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Polymer Microarrays for Biomaterial Development
Poster Title: Polymer Microarrays for Biomaterial Development
Submitted on 01 Apr 2015
Author(s): Simmonte, M.J.1, Dhaliwal, K.2, Cuschieri, K.3, Graham, S.V.4, Bradley, M.1
Affiliations: 1. School of Chemistry, University of Edinburgh 2. Queen’s Medical Research Institute, University of Edinburgh 3. Scottish HPV Reference Laboratory, Royal Infirmary, Edinburgh 4. Centre for Virus Research Institute of Infection, Immunity and Inflammation, University of Glasgow
This poster was presented at Microarray Technologies
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Abstract: Polymer biomaterials have truly become integrated into modern day healthcare and medical science. These range from the basic, such as culture equipment and blood bags, to the complex, stimuli-dependent hydrogels, and leukocyte filters. Polymer microarrays have greatly improved the discovery of biologically relevant interactions by interrogating a chosen biological material against a library of polymers, simultaneously. In this work, the polymer microarray approach is applied in two different biological contexts to identify promising candidates for biomaterial development, as well as expanding the repertoire of polymer microarray application. Specifically the identification of polymer substrates for: the scavenge of DNA-based DAMPs in a blood based application; and for the enrichment of cancerous and precancerous cervical cells for improved cytology of PreservCyt®-treated LBC samples, has been investigated.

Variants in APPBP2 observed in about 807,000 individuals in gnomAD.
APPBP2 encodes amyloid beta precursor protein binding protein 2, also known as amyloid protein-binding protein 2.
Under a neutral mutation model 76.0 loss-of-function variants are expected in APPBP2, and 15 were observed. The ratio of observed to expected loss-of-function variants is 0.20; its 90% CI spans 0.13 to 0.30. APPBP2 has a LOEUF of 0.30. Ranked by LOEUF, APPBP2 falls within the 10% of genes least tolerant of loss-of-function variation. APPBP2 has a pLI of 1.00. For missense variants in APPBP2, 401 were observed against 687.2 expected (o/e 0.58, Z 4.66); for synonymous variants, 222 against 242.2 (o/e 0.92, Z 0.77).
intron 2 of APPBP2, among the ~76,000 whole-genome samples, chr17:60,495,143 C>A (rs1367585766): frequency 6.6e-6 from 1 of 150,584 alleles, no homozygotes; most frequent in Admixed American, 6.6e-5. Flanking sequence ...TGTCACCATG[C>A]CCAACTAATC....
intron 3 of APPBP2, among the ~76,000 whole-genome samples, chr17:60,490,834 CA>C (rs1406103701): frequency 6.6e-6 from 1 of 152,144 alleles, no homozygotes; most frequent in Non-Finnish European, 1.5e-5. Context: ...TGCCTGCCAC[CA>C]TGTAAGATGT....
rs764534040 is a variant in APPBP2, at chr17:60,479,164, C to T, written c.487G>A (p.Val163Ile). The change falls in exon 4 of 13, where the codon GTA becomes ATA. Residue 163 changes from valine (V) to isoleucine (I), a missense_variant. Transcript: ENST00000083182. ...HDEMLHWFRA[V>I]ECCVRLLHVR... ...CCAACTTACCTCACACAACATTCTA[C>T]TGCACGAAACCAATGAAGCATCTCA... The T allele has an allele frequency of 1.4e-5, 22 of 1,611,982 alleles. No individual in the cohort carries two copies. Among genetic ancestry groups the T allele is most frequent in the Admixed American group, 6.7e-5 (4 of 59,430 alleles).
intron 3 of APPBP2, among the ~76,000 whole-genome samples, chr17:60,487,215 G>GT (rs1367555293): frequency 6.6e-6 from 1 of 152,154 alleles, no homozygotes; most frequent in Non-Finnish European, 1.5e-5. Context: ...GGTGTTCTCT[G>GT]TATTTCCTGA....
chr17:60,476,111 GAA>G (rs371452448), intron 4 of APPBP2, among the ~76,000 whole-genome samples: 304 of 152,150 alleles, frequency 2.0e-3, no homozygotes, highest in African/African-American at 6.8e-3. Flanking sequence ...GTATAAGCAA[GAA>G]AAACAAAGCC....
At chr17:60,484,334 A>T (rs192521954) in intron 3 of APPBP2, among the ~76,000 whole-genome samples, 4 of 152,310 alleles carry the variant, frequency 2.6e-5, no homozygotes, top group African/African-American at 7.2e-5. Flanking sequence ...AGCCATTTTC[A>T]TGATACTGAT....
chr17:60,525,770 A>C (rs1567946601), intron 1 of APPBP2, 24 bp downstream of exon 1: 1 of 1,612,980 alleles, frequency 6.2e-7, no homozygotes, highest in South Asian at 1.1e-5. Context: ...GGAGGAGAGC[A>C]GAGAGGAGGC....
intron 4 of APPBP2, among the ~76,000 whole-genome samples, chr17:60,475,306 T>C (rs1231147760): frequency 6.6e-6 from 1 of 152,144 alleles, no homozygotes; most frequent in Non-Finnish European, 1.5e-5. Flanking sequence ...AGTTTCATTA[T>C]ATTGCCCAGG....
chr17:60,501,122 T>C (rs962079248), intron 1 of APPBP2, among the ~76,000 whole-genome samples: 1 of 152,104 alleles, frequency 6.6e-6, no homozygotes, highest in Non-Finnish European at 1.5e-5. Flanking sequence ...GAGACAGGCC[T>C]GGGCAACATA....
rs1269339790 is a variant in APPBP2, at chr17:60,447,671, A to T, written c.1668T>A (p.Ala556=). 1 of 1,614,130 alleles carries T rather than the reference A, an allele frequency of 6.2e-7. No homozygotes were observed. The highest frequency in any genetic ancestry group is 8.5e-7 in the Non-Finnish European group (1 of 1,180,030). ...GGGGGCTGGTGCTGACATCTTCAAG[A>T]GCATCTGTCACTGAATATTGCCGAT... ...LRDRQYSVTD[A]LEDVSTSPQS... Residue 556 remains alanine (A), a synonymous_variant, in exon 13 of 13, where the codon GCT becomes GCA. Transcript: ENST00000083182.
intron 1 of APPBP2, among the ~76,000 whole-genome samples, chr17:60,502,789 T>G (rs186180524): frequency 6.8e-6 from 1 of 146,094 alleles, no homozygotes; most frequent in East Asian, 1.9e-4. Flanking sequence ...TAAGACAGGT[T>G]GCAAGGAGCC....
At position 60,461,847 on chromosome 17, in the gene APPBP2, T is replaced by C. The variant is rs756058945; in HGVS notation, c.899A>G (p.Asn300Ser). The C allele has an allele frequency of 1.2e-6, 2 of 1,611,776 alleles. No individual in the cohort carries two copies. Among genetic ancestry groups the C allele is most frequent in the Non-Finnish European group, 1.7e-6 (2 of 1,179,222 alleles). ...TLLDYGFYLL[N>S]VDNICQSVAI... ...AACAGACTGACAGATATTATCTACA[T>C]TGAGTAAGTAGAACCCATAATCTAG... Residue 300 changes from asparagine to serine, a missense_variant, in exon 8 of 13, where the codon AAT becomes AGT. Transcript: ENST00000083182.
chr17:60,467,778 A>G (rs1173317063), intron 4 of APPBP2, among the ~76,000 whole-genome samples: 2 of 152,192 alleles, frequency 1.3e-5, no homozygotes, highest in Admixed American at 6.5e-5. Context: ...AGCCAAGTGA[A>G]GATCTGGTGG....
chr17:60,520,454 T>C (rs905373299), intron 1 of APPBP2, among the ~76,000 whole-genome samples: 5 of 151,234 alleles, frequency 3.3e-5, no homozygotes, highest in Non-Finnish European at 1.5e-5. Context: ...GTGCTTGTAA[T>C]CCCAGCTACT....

Using this approach, we have identified a number of poly(acrylate), poly(acrylamide), and poly(urethane) candidates that, while resistant to blood cell attachment, were capable of binding to mtDNA and nDNA. A second investigation has also elucidated substrates with preferential binding for fixed cervical cell lines, including the precancerous W12 model. These findings demonstrate the versatility of this experimental approach by providing some of the first examples of molecule-polymer and preserved cell-polymer interactions, identified via microarray.
Summary: The application of polymer microarrays in the discovery of biocompatible and bioactive substrates. Progress towards biomaterial development for the treatment of SIRS (systemic inflammatory response syndrome), and improving cervical cytology.References: [1] Hansen, et al, Biomaterials 2011;32:7034-41
[2] Tourniaire, et al, ChemComm 2006;20;2118-20
[3] Jaewoo et al. PNAS 2011;108(34):14055-60
[4] Aasen et al. Oncogene 2003;22:7969-80
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